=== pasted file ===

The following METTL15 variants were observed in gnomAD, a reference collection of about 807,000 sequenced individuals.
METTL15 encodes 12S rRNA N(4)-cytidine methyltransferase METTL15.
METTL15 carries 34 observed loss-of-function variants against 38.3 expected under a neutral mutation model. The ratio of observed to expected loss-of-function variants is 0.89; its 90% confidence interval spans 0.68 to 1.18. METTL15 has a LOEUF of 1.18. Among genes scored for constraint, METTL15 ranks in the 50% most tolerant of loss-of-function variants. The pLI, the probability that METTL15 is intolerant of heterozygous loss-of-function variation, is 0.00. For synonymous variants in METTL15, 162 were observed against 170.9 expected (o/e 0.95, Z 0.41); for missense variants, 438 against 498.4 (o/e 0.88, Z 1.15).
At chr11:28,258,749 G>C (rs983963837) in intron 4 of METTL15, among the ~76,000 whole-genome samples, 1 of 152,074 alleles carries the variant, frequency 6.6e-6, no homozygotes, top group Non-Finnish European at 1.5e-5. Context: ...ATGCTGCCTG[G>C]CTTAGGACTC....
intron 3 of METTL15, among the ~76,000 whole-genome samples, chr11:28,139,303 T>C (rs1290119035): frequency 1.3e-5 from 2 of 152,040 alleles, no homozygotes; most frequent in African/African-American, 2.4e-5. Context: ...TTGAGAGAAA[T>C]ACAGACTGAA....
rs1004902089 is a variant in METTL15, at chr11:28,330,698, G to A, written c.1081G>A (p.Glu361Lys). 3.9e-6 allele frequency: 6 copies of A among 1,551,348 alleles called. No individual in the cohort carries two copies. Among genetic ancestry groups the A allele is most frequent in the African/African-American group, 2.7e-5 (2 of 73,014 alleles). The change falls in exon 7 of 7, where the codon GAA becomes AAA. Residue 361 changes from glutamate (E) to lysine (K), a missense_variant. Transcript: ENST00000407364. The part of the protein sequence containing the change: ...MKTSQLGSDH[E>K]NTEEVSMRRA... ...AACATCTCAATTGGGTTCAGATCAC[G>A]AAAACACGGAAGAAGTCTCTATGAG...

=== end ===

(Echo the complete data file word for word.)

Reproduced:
The following METTL15 variants were observed in gnomAD, a reference collection of about 807,000 sequenced individuals.
METTL15 encodes 12S rRNA N(4)-cytidine methyltransferase METTL15.
METTL15 carries 34 observed loss-of-function variants against 38.3 expected under a neutral mutation model. The ratio of observed to expected loss-of-function variants is 0.89; its 90% confidence interval spans 0.68 to 1.18. METTL15 has a LOEUF of 1.18. Among genes scored for constraint, METTL15 ranks in the 50% most tolerant of loss-of-function variants. The pLI, the probability that METTL15 is intolerant of heterozygous loss-of-function variation, is 0.00. For synonymous variants in METTL15, 162 were observed against 170.9 expected (o/e 0.95, Z 0.41); for missense variants, 438 against 498.4 (o/e 0.88, Z 1.15).
At chr11:28,258,749 G>C (rs983963837) in intron 4 of METTL15, among the ~76,000 whole-genome samples, 1 of 152,074 alleles carries the variant, frequency 6.6e-6, no homozygotes, top group Non-Finnish European at 1.5e-5. Context: ...ATGCTGCCTG[G>C]CTTAGGACTC....
intron 3 of METTL15, among the ~76,000 whole-genome samples, chr11:28,139,303 T>C (rs1290119035): frequency 1.3e-5 from 2 of 152,040 alleles, no homozygotes; most frequent in African/African-American, 2.4e-5. Context: ...TTGAGAGAAA[T>C]ACAGACTGAA....
rs1004902089 is a variant in METTL15, at chr11:28,330,698, G to A, written c.1081G>A (p.Glu361Lys). 3.9e-6 allele frequency: 6 copies of A among 1,551,348 alleles called. No individual in the cohort carries two copies. Among genetic ancestry groups the A allele is most frequent in the African/African-American group, 2.7e-5 (2 of 73,014 alleles). The change falls in exon 7 of 7, where the codon GAA becomes AAA. Residue 361 changes from glutamate (E) to lysine (K), a missense_variant. Transcript: ENST00000407364. The part of the protein sequence containing the change: ...MKTSQLGSDH[E>K]NTEEVSMRRA... ...AACATCTCAATTGGGTTCAGATCAC[G>A]AAAACACGGAAGAAGTCTCTATGAG...